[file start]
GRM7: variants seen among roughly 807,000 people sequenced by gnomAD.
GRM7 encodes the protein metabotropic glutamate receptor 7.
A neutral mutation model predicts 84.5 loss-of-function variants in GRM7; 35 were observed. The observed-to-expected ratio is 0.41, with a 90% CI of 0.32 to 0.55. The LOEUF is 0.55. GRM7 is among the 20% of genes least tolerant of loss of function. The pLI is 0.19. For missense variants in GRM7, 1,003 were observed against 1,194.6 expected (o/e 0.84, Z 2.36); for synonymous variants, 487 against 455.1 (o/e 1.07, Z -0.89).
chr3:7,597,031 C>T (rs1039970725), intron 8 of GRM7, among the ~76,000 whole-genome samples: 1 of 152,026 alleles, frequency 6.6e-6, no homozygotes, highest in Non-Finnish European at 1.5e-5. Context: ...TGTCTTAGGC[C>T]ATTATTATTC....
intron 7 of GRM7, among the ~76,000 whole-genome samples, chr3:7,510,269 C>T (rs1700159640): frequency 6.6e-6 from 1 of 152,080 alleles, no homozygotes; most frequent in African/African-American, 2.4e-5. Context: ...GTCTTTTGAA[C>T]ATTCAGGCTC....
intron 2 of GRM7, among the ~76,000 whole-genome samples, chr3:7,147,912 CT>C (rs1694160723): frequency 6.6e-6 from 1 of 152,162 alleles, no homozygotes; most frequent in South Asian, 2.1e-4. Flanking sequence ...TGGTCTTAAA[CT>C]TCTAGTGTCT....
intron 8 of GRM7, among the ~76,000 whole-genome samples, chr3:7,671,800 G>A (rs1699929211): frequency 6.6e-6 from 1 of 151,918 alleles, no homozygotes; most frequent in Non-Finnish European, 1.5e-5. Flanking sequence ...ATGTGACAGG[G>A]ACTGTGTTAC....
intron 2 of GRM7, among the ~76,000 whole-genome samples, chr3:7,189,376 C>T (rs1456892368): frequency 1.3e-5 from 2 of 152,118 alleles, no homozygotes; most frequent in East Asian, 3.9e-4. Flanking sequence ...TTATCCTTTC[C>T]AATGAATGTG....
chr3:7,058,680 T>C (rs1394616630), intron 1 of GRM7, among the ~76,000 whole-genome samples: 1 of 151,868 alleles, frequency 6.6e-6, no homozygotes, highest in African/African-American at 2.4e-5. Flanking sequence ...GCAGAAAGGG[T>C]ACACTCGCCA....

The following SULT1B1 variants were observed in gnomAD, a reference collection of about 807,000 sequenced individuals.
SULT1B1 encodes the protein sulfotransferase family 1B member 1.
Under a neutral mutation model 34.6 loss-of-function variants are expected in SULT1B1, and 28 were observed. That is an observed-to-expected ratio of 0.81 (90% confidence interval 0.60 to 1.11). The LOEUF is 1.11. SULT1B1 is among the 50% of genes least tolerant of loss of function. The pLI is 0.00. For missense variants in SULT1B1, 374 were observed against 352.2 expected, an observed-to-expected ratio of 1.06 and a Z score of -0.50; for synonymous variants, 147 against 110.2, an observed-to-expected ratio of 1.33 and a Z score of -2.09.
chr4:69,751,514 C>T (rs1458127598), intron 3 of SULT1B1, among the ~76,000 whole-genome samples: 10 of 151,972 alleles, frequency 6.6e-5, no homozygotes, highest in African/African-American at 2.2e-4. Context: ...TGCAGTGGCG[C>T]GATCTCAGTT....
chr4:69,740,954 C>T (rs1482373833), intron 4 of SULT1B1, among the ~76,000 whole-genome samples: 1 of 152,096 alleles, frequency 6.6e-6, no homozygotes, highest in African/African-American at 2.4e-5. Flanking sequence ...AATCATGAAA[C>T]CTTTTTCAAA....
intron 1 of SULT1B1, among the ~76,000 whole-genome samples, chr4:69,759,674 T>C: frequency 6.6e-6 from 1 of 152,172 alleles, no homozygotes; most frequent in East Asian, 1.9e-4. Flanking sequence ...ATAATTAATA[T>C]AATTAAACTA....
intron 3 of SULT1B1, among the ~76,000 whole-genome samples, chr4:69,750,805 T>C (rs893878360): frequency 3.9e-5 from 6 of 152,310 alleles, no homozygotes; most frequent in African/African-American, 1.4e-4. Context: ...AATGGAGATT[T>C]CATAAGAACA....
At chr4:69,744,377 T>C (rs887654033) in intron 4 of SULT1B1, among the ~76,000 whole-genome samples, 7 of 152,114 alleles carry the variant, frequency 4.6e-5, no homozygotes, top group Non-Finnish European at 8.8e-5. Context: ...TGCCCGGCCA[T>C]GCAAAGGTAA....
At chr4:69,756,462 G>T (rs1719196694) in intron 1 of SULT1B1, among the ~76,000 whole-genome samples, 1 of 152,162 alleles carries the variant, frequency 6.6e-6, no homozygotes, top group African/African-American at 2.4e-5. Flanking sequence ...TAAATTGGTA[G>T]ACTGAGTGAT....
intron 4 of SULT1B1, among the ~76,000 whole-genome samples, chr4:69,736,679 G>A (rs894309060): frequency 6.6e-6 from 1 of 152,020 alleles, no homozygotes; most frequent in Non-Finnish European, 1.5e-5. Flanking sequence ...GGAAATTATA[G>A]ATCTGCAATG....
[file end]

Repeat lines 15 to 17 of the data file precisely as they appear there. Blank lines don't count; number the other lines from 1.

intron 1 of SULT1B1, among the ~76,000 whole-genome samples, chr4:69,759,674 T>C: frequency 6.6e-6 from 1 of 152,172 alleles, no homozygotes; most frequent in East Asian, 1.9e-4. Flanking sequence ...ATAATTAATA[T>C]AATTAAACTA....
intron 3 of SULT1B1, among the ~76,000 whole-genome samples, chr4:69,750,805 T>C (rs893878360): frequency 3.9e-5 from 6 of 152,310 alleles, no homozygotes; most frequent in African/African-American, 1.4e-4. Context: ...AATGGAGATT[T>C]CATAAGAACA....
At chr4:69,744,377 T>C (rs887654033) in intron 4 of SULT1B1, among the ~76,000 whole-genome samples, 7 of 152,114 alleles carry the variant, frequency 4.6e-5, no homozygotes, top group Non-Finnish European at 8.8e-5. Context: ...TGCCCGGCCA[T>C]GCAAAGGTAA....